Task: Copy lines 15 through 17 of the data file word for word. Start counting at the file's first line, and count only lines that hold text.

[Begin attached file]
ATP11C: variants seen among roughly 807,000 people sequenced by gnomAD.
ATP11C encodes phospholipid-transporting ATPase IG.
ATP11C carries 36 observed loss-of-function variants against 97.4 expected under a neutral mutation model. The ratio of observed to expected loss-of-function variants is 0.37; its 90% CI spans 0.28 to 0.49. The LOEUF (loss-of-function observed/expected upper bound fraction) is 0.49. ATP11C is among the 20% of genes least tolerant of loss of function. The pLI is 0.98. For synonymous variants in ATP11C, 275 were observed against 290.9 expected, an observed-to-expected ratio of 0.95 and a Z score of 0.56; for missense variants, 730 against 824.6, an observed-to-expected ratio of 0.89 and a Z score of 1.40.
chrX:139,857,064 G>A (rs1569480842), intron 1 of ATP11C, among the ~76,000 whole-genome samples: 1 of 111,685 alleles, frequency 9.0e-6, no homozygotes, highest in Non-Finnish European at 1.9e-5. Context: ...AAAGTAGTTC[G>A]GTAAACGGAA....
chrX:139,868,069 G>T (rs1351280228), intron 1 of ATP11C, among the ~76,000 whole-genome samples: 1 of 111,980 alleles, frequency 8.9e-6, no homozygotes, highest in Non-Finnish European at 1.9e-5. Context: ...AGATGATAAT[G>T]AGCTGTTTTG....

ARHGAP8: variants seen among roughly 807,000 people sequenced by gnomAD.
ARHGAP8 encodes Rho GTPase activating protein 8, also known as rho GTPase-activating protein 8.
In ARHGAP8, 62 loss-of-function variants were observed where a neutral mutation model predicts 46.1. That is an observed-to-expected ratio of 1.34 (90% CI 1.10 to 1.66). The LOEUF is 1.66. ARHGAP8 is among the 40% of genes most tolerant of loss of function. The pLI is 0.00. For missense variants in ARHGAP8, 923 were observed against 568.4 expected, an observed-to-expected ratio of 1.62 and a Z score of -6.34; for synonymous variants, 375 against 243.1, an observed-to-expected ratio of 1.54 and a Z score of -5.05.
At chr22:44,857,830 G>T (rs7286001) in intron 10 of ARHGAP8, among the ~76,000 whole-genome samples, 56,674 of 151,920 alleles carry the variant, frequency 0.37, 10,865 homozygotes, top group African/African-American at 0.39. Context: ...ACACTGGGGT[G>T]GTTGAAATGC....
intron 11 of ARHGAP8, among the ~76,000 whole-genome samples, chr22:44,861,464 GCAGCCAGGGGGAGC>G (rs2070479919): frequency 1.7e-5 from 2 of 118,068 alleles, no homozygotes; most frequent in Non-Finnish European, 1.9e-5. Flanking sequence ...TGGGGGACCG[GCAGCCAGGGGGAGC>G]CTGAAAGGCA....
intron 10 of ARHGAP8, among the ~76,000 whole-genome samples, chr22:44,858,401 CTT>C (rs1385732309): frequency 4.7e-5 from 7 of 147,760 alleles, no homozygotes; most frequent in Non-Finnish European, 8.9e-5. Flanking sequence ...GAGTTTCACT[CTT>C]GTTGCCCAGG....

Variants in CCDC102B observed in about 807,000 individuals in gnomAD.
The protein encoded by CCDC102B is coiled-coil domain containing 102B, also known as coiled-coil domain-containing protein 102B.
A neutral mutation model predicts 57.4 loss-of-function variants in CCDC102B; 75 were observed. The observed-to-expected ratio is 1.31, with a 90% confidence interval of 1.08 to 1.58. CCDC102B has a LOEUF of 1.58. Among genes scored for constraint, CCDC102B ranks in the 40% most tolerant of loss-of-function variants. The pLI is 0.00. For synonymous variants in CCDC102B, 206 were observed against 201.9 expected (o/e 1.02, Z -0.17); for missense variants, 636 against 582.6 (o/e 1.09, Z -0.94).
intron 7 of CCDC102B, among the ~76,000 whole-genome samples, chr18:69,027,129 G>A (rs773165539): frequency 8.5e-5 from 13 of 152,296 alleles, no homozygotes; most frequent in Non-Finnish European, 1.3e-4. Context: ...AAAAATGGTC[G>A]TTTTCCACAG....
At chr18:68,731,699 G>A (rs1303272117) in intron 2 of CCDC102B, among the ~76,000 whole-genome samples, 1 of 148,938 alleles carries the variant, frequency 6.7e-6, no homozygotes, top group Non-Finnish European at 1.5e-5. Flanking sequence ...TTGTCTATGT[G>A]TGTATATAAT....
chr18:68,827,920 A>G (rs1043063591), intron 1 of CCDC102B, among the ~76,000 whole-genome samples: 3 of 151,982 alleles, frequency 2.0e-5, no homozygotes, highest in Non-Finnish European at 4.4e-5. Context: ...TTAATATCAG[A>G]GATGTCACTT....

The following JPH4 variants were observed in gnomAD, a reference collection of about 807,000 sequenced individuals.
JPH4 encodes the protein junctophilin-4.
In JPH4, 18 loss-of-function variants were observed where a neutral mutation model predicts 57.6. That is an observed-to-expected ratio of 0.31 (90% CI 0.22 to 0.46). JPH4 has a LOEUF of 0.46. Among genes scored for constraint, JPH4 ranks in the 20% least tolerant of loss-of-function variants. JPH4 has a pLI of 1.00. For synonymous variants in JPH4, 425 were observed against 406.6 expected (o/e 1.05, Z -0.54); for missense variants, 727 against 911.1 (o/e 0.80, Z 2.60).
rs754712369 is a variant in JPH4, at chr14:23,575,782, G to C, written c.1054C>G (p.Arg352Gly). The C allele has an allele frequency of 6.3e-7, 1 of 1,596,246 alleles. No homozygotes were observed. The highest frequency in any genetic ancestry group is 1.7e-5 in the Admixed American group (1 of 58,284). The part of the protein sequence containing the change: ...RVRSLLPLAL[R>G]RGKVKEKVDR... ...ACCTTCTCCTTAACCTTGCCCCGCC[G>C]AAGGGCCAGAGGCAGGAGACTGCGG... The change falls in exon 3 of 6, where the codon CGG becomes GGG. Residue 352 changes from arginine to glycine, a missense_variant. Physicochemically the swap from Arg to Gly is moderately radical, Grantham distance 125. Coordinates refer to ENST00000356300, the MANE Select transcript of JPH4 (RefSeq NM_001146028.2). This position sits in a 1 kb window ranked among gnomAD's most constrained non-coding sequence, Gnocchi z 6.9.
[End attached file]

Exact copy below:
intron 7 of CCDC102B, among the ~76,000 whole-genome samples, chr18:69,027,129 G>A (rs773165539): frequency 8.5e-5 from 13 of 152,296 alleles, no homozygotes; most frequent in Non-Finnish European, 1.3e-4. Context: ...AAAAATGGTC[G>A]TTTTCCACAG....
At chr18:68,731,699 G>A (rs1303272117) in intron 2 of CCDC102B, among the ~76,000 whole-genome samples, 1 of 148,938 alleles carries the variant, frequency 6.7e-6, no homozygotes, top group Non-Finnish European at 1.5e-5. Flanking sequence ...TTGTCTATGT[G>A]TGTATATAAT....
chr18:68,827,920 A>G (rs1043063591), intron 1 of CCDC102B, among the ~76,000 whole-genome samples: 3 of 151,982 alleles, frequency 2.0e-5, no homozygotes, highest in Non-Finnish European at 4.4e-5. Context: ...TTAATATCAG[A>G]GATGTCACTT....